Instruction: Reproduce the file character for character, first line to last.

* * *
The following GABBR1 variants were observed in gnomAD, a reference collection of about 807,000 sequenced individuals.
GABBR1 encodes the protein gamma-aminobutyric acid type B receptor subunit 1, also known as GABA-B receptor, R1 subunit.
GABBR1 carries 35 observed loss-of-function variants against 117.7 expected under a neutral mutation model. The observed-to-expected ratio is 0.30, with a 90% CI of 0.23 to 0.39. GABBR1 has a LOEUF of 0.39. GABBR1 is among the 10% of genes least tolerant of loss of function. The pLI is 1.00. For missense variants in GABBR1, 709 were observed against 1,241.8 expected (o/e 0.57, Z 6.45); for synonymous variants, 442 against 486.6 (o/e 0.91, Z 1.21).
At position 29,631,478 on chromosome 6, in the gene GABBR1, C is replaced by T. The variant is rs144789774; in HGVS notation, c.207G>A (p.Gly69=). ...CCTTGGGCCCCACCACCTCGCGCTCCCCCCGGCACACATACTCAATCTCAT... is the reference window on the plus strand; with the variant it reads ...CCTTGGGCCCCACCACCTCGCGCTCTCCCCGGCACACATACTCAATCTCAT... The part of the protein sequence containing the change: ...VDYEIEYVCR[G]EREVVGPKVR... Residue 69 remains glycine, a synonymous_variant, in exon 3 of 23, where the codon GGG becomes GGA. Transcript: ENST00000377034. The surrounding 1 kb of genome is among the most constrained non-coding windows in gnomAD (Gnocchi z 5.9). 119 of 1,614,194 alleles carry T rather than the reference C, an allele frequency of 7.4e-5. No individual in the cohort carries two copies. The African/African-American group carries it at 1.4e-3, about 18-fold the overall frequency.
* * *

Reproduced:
The following GABBR1 variants were observed in gnomAD, a reference collection of about 807,000 sequenced individuals.
GABBR1 encodes the protein gamma-aminobutyric acid type B receptor subunit 1, also known as GABA-B receptor, R1 subunit.
GABBR1 carries 35 observed loss-of-function variants against 117.7 expected under a neutral mutation model. The observed-to-expected ratio is 0.30, with a 90% CI of 0.23 to 0.39. GABBR1 has a LOEUF of 0.39. GABBR1 is among the 10% of genes least tolerant of loss of function. The pLI is 1.00. For missense variants in GABBR1, 709 were observed against 1,241.8 expected (o/e 0.57, Z 6.45); for synonymous variants, 442 against 486.6 (o/e 0.91, Z 1.21).
At position 29,631,478 on chromosome 6, in the gene GABBR1, C is replaced by T. The variant is rs144789774; in HGVS notation, c.207G>A (p.Gly69=). ...CCTTGGGCCCCACCACCTCGCGCTCCCCCCGGCACACATACTCAATCTCAT... is the reference window on the plus strand; with the variant it reads ...CCTTGGGCCCCACCACCTCGCGCTCTCCCCGGCACACATACTCAATCTCAT... The part of the protein sequence containing the change: ...VDYEIEYVCR[G]EREVVGPKVR... Residue 69 remains glycine, a synonymous_variant, in exon 3 of 23, where the codon GGG becomes GGA. Transcript: ENST00000377034. The surrounding 1 kb of genome is among the most constrained non-coding windows in gnomAD (Gnocchi z 5.9). 119 of 1,614,194 alleles carry T rather than the reference C, an allele frequency of 7.4e-5. No individual in the cohort carries two copies. The African/African-American group carries it at 1.4e-3, about 18-fold the overall frequency.